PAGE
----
dimanche 28 mars 2010


Coming out of the underground, the sky suddenly darkened and there were a few spots of rain. Potsdamer Platz was busy with traffic, scientologists surrounded by anti-scientology protesters wearing masks and tourists crowding around a few remaining slabs of the Berlin Wall. It's not a place real Berliners typically hang about in; compared to other areas, the restaurants and cafés are not the cheapest and the ultra modern architecture seems impressive but a little cold sometimes. I often think back to a beautiful scene in Wim Wenders Himmel über Berlin (Wings of Desire) where the old writer is wandering through the wasteland, looking for the old Potsdamer Platz which was once the liveliest and most cosmopolitan meeting place with the café Josti. He knows he must go on because if mankind loses its storyteller, it also loses its childhood. The new Potsdamer Platz is unrecognisable.

Come on now, don't be shy!

But once a year, something wonderful happens there. Under the strangely shaped roof of the Sony Center, there is the smell of lilac and pots of daffodils and rhodedendrons blossom outside small greenhouses. The sound of music mingles with the advertising outside in a strange echo all around because it's time for the Herzgrün Liebeslieder festival (literally Green hearted love songs). For a free event which has been taking place for five years, it's still amazingly unknown. Every spring, over three days, musicians and singers perform short concerts in those little greenhouses full of Japanese blossom, lavender, bay trees, citrus plants and even a magnolia. You must call a few days before to reserve tickets and just before the concert stand in line impatient to get into that wonderful garden full of music and flowers. The first year we went, the charming Kitty Hoff and her Forêt Noire band were playing. Dressed in a pretty brown patterned dress with white knee high boots and wavy 1920s style hair, she enchanted us with her mix of jazz and chanson in songs about the little things in life. Last year it was Lisa Bassenge and her band Nylon. Seeing her standing in the crowd before the concert, dressed in black, I felt a little disappointed because she seemed so ordinary and not especially pretty but the moment the came on stage, a transformation took place and there was an amazing magnetism about her performance and her face became beautiful in the twilight.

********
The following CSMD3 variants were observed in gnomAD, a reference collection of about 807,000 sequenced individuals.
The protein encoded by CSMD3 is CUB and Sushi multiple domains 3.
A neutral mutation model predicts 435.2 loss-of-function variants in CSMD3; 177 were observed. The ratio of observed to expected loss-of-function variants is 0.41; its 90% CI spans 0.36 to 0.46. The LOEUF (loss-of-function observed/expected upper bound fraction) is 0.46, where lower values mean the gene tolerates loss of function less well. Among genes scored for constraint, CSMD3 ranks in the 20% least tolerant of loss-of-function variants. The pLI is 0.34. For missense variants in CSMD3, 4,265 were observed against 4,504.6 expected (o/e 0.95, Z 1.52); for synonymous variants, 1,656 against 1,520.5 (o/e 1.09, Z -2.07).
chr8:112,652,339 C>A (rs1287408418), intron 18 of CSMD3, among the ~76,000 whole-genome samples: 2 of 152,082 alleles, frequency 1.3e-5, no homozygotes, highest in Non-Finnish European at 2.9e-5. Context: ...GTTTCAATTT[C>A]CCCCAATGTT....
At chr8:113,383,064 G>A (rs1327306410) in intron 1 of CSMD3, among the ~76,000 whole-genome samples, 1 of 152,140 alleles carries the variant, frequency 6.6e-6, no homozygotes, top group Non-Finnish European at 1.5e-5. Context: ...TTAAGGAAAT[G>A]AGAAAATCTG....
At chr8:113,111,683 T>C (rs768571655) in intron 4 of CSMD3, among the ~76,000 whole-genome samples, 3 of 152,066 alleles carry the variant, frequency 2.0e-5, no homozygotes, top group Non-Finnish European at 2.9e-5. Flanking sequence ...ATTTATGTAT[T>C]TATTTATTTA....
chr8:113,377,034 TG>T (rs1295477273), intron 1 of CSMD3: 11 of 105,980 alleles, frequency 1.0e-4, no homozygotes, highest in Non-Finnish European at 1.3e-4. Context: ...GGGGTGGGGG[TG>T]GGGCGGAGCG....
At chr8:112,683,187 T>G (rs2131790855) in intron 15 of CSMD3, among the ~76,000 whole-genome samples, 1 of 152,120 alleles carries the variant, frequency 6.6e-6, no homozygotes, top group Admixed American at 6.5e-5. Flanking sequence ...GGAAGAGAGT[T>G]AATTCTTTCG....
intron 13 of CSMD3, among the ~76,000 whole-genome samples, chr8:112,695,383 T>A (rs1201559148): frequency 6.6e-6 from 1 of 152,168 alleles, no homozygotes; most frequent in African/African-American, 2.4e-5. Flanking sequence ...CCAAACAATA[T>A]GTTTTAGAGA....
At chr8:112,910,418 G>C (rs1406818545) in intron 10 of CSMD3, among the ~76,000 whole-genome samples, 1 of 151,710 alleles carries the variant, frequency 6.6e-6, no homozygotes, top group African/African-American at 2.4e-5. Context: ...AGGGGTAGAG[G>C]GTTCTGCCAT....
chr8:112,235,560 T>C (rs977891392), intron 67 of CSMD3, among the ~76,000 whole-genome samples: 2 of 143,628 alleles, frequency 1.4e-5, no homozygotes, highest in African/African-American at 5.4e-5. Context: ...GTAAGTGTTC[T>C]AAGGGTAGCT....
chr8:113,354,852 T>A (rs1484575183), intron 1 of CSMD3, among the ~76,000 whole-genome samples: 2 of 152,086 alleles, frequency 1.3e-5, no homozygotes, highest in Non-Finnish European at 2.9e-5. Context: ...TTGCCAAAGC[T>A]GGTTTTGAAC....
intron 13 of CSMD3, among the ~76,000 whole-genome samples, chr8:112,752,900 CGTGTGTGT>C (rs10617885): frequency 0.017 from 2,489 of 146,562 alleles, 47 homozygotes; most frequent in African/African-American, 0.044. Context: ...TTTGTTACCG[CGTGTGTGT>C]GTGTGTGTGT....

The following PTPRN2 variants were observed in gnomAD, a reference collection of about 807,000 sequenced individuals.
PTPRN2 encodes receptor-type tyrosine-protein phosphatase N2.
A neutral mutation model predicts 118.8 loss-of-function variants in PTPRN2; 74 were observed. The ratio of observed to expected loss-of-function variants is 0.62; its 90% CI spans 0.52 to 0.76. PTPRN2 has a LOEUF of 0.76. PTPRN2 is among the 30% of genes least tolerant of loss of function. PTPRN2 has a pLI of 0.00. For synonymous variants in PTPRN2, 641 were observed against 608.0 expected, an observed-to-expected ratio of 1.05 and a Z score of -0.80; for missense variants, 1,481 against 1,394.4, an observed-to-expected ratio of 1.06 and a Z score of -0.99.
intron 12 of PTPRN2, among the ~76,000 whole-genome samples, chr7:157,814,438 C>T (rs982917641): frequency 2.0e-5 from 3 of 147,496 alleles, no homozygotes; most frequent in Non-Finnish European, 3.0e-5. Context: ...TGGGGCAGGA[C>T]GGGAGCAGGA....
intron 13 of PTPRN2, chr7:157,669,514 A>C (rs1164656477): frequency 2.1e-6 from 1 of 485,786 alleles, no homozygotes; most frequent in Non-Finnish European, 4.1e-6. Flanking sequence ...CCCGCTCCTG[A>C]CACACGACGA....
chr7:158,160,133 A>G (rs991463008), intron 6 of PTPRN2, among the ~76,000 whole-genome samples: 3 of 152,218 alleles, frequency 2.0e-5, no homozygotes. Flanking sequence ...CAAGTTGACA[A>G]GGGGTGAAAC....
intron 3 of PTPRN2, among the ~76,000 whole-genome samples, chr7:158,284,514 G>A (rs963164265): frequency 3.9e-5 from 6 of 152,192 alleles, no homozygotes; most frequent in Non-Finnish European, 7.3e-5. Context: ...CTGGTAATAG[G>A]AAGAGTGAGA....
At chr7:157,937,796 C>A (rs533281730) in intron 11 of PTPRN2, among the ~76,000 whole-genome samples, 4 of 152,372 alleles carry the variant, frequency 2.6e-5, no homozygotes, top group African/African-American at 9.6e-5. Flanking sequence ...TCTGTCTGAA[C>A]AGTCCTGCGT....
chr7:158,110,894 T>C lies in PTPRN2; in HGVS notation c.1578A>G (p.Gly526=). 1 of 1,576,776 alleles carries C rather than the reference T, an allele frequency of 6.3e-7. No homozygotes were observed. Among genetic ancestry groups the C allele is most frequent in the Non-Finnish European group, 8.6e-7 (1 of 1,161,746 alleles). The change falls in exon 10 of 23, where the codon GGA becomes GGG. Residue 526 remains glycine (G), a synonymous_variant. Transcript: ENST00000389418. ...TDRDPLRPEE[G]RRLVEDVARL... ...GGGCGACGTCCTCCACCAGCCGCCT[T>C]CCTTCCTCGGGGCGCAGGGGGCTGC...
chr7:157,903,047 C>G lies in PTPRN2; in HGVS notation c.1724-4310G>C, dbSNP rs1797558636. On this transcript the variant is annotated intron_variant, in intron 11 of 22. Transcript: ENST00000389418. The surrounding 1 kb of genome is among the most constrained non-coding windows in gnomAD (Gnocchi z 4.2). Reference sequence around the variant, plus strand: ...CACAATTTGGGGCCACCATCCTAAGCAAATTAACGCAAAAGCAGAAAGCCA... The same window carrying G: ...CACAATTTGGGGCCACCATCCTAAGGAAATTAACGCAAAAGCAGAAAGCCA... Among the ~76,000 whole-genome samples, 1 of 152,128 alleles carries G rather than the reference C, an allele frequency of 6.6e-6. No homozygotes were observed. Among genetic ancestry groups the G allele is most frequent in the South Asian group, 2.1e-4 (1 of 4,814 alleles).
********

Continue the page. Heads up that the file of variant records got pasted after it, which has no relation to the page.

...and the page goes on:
The Sony Center in bloom

Yesterday, there was the strumming of a guitar and a samba beat as Bergitta Victor took us on a journey starting in Schlosspark Charlottenburg where she sat writing songs barefoot before finally coming back to the Seychelles where she was born. Towards the end, the sun made its welcome reappearence, illuminating the glass exteriors of the buildings and the inside of the roof with its golden rays.

As lovely as the afternoon concerts are though, I feel that everything only really comes alive when the light begins to fade. Shadows fall on the fresh green plants and the smell of the flowers become more intense the longer the music plays. We stayed for the next concert by K.C MacKanzie with her wonderful mix of folk songs and dark humour which made me think of the qualities of the Coen Brothers' films. Accompanied by Buddi on the double bass, banjo, Maultrommel (a small mouth instrument which makes a sound like a didgeridoo) and my favourite, a hammer and rock. I felt so sad when they finshed their last song and I knew this year's festival was over for us. Who says Germans can't be romantic?

The wonderful and talented K.C MacKanzie

Last Friday, the day was so warm and vibrant. I stared out at the park opposite from the place where I work, longing to be able to enjoy it while it lasted as rain was forecast for the weekend. Coming out of Savignyplatz S-Bahn, there was the smell of fish and chips as people sat outside at the restaurant Jules Verne where I've always wanted to go, if only for the prettiest, multi-coloured sprit bottles behind the bar. I made a visit to my favourite bookshop in Carmerstraße where a woman was telling the bookseller that she was travelling the island of Sylt (somewhere I've dreamed of for so long with its dramatic cliffs and waves) and wanted a book about the sea to read there, finally choosing an enormous volume by Claudie Gallay (in French Les Deferlantes) which I also can't wait to read, in spite of my suspicion of prize winning literature. I was a little less ambitious and found a collection by a Norwegian writer I'd never heard of before called Kjell Askildsen which I chose more for the beautiful cover than anything else, but I guess that's Pia's influence! I've only read a couple but there's a charming quirkiness and absurd humour in the way he describes characters who are mostly losers or outsiders. Sadly, little of his work seems to be available in English.